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The bi-plane also included interior detailing the parade viewers would never see, including this cockpit. In addition, they designed the wings to fold back onto the roof of the plane for easy storage in case the local chamber of commerce wants to use this for additional parades in the future.

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More detailing. The inmates designed and built four of the floats used in the parade this year, including one for the local Girl Scouts chapter and one for a nearby Christian school. Sadly, I didn't get photos of either of those two.

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Back to this year's float, here's some of the detailing. The inmates really do an amazing job. My dad, who works at the prison (as does half or more of the town), actually founded the parade float program as a rehabilitation option in 2000. It's the only one of its kind in the nation that I'm aware of.

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The big green thing on the back is a crab dressed as an elf, as seen in this picture. Since my hometown is known as the "Crab Capital of the World" (yeah, we didn't make jokes about that in high school or anything), it makes sense. Even the local beauty queen is named Miss Crustacean! The kiddie pageant winners are similarly dubbed Little Miss and Mr. Crustacean.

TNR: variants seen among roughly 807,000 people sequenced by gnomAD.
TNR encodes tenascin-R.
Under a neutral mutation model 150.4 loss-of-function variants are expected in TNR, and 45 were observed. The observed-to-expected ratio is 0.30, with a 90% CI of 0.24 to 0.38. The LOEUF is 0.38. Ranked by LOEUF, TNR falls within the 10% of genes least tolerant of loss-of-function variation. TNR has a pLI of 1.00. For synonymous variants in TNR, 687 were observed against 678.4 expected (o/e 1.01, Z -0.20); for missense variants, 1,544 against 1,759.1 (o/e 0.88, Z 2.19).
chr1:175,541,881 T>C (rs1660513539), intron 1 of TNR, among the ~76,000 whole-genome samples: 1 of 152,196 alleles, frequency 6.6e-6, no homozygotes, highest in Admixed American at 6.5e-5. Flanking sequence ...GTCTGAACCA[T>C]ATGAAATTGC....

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By comparison, last year's float was a motorboat (which made sense since this is a maritime community). That's me in the front!

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Three hours later I was in my hometown, checking out my ride for that night's parade. It's a different float each year, made by inmates at the local state prison. This year we had a bi-plane theme (obviously). The chimney on the front hid the generator that powered the lights, and the propellor actually spun!